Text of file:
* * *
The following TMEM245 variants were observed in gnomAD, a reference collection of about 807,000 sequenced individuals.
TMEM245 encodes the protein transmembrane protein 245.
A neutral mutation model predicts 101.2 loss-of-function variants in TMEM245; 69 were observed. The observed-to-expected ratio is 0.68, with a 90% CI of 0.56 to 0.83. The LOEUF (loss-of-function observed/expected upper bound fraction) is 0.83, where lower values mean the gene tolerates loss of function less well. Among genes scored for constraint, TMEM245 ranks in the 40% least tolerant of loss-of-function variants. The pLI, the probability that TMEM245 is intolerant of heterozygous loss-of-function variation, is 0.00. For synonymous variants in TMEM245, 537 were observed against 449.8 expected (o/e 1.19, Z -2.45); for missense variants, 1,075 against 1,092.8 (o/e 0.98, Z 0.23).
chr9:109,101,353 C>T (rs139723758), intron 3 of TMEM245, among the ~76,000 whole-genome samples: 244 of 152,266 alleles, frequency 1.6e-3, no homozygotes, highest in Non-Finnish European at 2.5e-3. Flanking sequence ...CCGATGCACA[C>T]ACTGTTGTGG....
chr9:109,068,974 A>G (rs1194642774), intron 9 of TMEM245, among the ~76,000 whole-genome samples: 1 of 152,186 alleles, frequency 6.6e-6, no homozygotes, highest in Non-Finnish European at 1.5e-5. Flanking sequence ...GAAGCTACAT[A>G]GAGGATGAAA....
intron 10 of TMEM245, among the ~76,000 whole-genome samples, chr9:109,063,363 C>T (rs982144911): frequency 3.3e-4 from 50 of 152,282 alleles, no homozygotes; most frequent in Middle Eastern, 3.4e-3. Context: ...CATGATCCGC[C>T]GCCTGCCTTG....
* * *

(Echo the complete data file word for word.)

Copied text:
The following TMEM245 variants were observed in gnomAD, a reference collection of about 807,000 sequenced individuals.
TMEM245 encodes the protein transmembrane protein 245.
A neutral mutation model predicts 101.2 loss-of-function variants in TMEM245; 69 were observed. The observed-to-expected ratio is 0.68, with a 90% CI of 0.56 to 0.83. The LOEUF (loss-of-function observed/expected upper bound fraction) is 0.83, where lower values mean the gene tolerates loss of function less well. Among genes scored for constraint, TMEM245 ranks in the 40% least tolerant of loss-of-function variants. The pLI, the probability that TMEM245 is intolerant of heterozygous loss-of-function variation, is 0.00. For synonymous variants in TMEM245, 537 were observed against 449.8 expected (o/e 1.19, Z -2.45); for missense variants, 1,075 against 1,092.8 (o/e 0.98, Z 0.23).
chr9:109,101,353 C>T (rs139723758), intron 3 of TMEM245, among the ~76,000 whole-genome samples: 244 of 152,266 alleles, frequency 1.6e-3, no homozygotes, highest in Non-Finnish European at 2.5e-3. Flanking sequence ...CCGATGCACA[C>T]ACTGTTGTGG....
chr9:109,068,974 A>G (rs1194642774), intron 9 of TMEM245, among the ~76,000 whole-genome samples: 1 of 152,186 alleles, frequency 6.6e-6, no homozygotes, highest in Non-Finnish European at 1.5e-5. Flanking sequence ...GAAGCTACAT[A>G]GAGGATGAAA....
intron 10 of TMEM245, among the ~76,000 whole-genome samples, chr9:109,063,363 C>T (rs982144911): frequency 3.3e-4 from 50 of 152,282 alleles, no homozygotes; most frequent in Middle Eastern, 3.4e-3. Context: ...CATGATCCGC[C>T]GCCTGCCTTG....